Lamentations 2:2, 10-14, 18-19
Psalm 74:1-7, 20-21
Our readings today put before us the problem of suffering. It is usually phrased like this: “If God is good, how can he allow so much suffering?” We can understand the suffering of the wicked, but what about the little children in the first reading who starve to death in their mother’s arms asking why there is no food?
We sometimes try to solve this difficult problem by blaming God. Perhaps God has forgotten us. So we repeat in the psalm over and over: “Lord, forget not the souls of your poor ones.” But God does not forget. We are always on his mind, each one of us. Perhaps God is unable to cure the suffering, we might think, but we know this is wrong. God is all powerful. At his word, anyone can be healed of anything. We see this power in the Gospel today. Jesus healed two people, but what about everyone else? What about the ones we love?
There are some answers to the problem of suffering. We can say that suffering is necessary in a world with sin. Some suffering is caused by sin, but also suffering is sometimes the only thing that pulls us out of sin. Sometimes we only stop living indulgent, prideful, independent lives because suffering stops us. Suffering is not a punishment; it is the only cure that prevents us from descending entirely into sin. Suffering in others awakens our compassion. Furthermore, the suffering of this world and this time will go away. Above all, we should not expect to understand everything.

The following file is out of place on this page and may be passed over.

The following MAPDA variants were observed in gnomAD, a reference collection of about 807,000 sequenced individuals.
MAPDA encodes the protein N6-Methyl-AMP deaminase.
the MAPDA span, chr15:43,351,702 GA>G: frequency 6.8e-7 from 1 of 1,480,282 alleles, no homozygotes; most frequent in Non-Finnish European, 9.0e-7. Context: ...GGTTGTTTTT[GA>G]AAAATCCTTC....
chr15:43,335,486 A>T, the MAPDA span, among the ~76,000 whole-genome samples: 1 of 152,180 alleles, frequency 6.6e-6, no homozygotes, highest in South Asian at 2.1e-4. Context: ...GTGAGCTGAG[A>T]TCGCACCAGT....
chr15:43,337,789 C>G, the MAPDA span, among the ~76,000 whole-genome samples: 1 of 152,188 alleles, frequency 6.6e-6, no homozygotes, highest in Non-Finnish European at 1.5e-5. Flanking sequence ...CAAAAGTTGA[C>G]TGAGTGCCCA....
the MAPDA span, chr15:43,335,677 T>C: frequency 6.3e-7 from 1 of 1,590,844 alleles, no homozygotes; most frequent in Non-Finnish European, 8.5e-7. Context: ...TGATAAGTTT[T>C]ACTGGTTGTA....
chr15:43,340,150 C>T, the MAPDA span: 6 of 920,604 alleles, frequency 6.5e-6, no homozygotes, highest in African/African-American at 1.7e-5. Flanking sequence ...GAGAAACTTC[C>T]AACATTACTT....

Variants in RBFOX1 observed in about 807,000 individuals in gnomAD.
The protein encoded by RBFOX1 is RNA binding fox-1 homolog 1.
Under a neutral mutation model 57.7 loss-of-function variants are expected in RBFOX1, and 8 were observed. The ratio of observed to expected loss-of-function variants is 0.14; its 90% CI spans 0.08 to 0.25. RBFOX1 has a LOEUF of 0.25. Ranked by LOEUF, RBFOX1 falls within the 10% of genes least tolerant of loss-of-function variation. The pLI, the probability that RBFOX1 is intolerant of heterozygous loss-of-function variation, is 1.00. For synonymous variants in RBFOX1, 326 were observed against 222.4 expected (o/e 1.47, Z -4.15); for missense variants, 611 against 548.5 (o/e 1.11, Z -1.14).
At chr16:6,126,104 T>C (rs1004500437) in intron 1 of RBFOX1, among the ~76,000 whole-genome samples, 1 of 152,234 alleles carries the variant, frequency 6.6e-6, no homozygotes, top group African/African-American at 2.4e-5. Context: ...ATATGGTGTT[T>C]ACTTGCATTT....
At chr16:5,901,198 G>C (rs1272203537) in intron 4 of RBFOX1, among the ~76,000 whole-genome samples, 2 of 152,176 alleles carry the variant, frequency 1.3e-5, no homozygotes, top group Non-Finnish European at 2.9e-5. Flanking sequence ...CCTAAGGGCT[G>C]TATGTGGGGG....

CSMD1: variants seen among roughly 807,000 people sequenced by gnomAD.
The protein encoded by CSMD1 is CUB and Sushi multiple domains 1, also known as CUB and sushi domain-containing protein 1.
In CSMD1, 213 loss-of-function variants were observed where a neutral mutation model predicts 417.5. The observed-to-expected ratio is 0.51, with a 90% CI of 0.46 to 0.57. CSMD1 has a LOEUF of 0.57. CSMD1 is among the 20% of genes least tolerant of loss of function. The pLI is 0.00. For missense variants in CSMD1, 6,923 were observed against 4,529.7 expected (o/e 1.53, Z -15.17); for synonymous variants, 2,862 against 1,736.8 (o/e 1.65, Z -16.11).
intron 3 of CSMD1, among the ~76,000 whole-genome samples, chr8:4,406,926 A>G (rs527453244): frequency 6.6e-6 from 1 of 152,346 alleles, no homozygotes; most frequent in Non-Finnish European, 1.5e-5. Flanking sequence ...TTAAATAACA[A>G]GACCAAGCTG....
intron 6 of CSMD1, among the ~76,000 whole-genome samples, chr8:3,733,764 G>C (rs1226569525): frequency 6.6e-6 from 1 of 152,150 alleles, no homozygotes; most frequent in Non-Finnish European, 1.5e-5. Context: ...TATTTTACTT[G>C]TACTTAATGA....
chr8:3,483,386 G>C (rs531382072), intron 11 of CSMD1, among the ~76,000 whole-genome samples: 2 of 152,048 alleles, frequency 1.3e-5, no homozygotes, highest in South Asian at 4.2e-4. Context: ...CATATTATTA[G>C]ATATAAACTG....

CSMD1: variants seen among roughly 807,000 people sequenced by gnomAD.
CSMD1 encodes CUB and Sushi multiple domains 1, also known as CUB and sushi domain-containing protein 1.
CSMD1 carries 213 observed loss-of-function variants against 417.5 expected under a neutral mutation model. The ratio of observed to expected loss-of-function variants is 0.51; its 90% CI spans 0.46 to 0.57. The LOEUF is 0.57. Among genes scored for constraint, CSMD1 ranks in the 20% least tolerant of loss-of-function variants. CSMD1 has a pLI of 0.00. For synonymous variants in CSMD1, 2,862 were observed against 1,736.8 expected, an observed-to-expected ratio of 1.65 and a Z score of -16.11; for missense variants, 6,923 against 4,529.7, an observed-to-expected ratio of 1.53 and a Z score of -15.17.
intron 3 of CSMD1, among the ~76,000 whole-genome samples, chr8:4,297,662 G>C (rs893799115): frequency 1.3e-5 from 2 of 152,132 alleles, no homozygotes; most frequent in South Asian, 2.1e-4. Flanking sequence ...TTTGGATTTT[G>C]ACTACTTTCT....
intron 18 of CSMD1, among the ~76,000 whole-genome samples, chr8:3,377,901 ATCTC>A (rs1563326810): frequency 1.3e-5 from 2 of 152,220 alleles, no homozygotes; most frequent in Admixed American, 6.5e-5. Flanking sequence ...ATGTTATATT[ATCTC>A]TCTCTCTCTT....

There are all these answers and more. There are books and articles that address the problem of suffering very convincingly, but they are almost always useless in the face of actual suffering. Would you tell a mother who lost her child that God is using that experience to make her a better person? And, by the way, the child is in a better place now? And God works in mysterious ways? No, but it is not because the answers are insufficient. These answers and others are as sufficient as human answers can be. No, these answers, good as they are, will usually not do much for someone who is suffering. We need to bring the answers with us into our suffering. We need to make them part of who we are now. Then, when suffering comes, we will translate the answers for ourselves from trite phrases into ineffable consolation.